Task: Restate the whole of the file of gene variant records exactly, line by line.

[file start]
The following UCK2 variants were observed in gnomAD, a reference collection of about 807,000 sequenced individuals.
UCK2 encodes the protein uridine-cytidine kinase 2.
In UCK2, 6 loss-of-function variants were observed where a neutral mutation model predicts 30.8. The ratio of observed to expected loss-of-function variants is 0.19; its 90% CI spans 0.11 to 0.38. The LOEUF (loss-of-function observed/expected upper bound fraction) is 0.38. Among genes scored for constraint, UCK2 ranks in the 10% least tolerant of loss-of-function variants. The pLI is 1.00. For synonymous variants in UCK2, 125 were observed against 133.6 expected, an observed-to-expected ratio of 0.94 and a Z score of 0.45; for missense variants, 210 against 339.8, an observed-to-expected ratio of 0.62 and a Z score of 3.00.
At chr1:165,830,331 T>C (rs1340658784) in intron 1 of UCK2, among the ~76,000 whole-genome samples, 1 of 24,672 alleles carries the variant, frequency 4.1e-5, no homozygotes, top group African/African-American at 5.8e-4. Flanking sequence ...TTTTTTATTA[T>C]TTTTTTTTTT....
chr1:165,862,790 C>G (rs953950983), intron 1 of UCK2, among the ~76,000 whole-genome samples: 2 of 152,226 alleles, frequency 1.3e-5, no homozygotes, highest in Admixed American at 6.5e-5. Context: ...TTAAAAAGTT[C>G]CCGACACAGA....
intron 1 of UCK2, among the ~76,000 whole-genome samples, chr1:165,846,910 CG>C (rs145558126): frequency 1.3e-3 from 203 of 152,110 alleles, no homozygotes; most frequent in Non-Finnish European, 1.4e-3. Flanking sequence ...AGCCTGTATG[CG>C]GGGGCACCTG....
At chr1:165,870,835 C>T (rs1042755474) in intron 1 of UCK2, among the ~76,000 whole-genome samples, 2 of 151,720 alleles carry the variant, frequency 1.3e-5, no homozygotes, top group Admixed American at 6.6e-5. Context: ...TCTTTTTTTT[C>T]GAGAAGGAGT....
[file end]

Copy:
The following UCK2 variants were observed in gnomAD, a reference collection of about 807,000 sequenced individuals.
UCK2 encodes the protein uridine-cytidine kinase 2.
In UCK2, 6 loss-of-function variants were observed where a neutral mutation model predicts 30.8. The ratio of observed to expected loss-of-function variants is 0.19; its 90% CI spans 0.11 to 0.38. The LOEUF (loss-of-function observed/expected upper bound fraction) is 0.38. Among genes scored for constraint, UCK2 ranks in the 10% least tolerant of loss-of-function variants. The pLI is 1.00. For synonymous variants in UCK2, 125 were observed against 133.6 expected, an observed-to-expected ratio of 0.94 and a Z score of 0.45; for missense variants, 210 against 339.8, an observed-to-expected ratio of 0.62 and a Z score of 3.00.
At chr1:165,830,331 T>C (rs1340658784) in intron 1 of UCK2, among the ~76,000 whole-genome samples, 1 of 24,672 alleles carries the variant, frequency 4.1e-5, no homozygotes, top group African/African-American at 5.8e-4. Flanking sequence ...TTTTTTATTA[T>C]TTTTTTTTTT....
chr1:165,862,790 C>G (rs953950983), intron 1 of UCK2, among the ~76,000 whole-genome samples: 2 of 152,226 alleles, frequency 1.3e-5, no homozygotes, highest in Admixed American at 6.5e-5. Context: ...TTAAAAAGTT[C>G]CCGACACAGA....
intron 1 of UCK2, among the ~76,000 whole-genome samples, chr1:165,846,910 CG>C (rs145558126): frequency 1.3e-3 from 203 of 152,110 alleles, no homozygotes; most frequent in Non-Finnish European, 1.4e-3. Flanking sequence ...AGCCTGTATG[CG>C]GGGGCACCTG....
At chr1:165,870,835 C>T (rs1042755474) in intron 1 of UCK2, among the ~76,000 whole-genome samples, 2 of 151,720 alleles carry the variant, frequency 1.3e-5, no homozygotes, top group Admixed American at 6.6e-5. Context: ...TCTTTTTTTT[C>T]GAGAAGGAGT....